A honeymoon is something all newlyweds look forward to. Some, look forward to it too much.
A couple in Taiwan set out to make their honeymoon a memorable one by attempting to take as much paid time off as possible.
In Taiwan, couples who get married receive eight days of paid leave from work. This is a part of the country’s employment benefit system, alongside others like sick leave or parental leave. There are no restrictions on who can take the leave, or how frequently. It is simply available upon marriage.
The now infamous couple planned to take advantage of these loopholes. The two were first married on April 6th, only to get divorced on the 16th. They celebrated the divorce by getting married again on the 17th, then divorced again. At the end of the month, they tied the knot again. Their last divorce was on May 11th, followed by their final marriage on May 12th. The parties tallied up 37 days of changing their relationship status in order to get 32 days of work leave.
The spouse’s employer, a local bank, refused to approve the employee’s request for time off beyond the original eight days following his first marriage. The employee responded by bringing a complaint with the Taipei Labour Department for violation of his marriage leave entitlements. Surprisingly, the employer was fined about $825 CAD for not granting the full 32-day leave. The employer appealed. Several month’s later, the Labour Department revoked the bank’s fine. The employee has since quit his job.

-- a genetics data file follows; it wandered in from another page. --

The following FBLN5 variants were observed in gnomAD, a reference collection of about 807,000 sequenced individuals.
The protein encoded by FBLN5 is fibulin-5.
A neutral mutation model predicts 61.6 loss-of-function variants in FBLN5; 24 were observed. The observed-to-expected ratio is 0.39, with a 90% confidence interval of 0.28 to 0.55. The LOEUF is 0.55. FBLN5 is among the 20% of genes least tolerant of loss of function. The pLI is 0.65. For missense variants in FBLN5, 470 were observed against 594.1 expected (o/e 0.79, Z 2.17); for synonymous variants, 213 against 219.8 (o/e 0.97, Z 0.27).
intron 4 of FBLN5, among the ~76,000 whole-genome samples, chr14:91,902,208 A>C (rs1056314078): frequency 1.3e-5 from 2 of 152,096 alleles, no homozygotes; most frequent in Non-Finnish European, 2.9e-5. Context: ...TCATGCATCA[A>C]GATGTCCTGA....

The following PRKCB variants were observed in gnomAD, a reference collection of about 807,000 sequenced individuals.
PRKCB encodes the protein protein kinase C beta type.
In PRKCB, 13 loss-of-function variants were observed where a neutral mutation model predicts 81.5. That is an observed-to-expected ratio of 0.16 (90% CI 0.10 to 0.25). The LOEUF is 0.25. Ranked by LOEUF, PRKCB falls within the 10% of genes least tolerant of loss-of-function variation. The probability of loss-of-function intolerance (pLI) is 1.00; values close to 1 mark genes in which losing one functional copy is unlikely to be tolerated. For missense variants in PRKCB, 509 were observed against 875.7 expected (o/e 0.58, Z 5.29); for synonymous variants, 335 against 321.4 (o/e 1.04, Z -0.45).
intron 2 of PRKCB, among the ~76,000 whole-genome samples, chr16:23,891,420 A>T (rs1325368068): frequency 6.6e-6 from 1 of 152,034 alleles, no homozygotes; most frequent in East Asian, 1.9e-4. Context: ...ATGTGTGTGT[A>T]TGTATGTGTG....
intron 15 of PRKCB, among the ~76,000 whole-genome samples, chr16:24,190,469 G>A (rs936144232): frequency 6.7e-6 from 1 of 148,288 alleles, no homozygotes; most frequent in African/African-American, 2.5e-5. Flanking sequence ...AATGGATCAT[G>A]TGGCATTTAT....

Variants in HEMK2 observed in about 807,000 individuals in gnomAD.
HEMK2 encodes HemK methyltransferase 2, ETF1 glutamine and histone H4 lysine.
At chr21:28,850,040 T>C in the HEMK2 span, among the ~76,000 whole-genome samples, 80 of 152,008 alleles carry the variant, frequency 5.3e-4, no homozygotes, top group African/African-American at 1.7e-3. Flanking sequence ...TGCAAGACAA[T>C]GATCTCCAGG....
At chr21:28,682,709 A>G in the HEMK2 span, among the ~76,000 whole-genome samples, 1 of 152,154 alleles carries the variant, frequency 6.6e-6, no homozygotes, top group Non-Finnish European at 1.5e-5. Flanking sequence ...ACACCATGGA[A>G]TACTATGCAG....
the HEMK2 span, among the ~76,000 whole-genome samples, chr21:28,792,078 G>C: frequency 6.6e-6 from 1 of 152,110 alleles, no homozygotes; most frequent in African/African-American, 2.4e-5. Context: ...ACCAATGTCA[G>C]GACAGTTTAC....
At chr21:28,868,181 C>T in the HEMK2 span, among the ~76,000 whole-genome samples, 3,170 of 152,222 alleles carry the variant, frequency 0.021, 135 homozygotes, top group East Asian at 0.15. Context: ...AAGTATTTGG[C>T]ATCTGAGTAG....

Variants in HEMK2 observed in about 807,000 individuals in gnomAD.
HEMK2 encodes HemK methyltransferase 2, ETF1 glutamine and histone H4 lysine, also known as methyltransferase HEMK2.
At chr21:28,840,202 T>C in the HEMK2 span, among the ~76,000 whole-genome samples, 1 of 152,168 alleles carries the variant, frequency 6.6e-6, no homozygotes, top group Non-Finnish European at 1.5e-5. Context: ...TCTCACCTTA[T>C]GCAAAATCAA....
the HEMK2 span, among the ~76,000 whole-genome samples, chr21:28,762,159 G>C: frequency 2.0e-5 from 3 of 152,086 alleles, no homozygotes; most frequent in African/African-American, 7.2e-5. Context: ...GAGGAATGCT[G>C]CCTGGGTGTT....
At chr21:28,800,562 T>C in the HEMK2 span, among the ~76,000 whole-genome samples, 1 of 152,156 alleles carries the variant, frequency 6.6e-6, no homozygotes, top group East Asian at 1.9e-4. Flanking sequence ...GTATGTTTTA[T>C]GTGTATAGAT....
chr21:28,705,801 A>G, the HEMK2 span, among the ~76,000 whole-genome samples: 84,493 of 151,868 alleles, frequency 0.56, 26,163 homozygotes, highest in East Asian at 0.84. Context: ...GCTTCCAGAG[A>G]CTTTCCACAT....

Understandably, this has led to a lot of discussion about public policy in Taiwan, as well as questions about exploitation of the marriage leave and whether the employee abused his rights. Others have asked how the country should reset guidelines to prevent future sham weddings, but also set guidelines on when to be flexible around marriage leave. Interestingly, no discussions about the immediate ability to marry, divorce and then re-marry have surfaced. By way of comparison, in Canada, parties typically must be living separate and apart for at least a year before a divorce can be granted. It would also be interesting to see a situation where this couple stayed married and did eventually separate for non-honeymoon-plot-related reasons. On breakdown of a relationship in Canada, the marriage date becomes one of the two bookends to the spousal relationship. In this couple’s situation, we would have four separate marriage dates to pick from.
Like tin cans tied to the back of a wedding car, this case has caused some rattling in the Taiwanese system. It will be interesting to see what policy officials’ next steps will be in dealing with this nearly 40-year-old piece of legislation.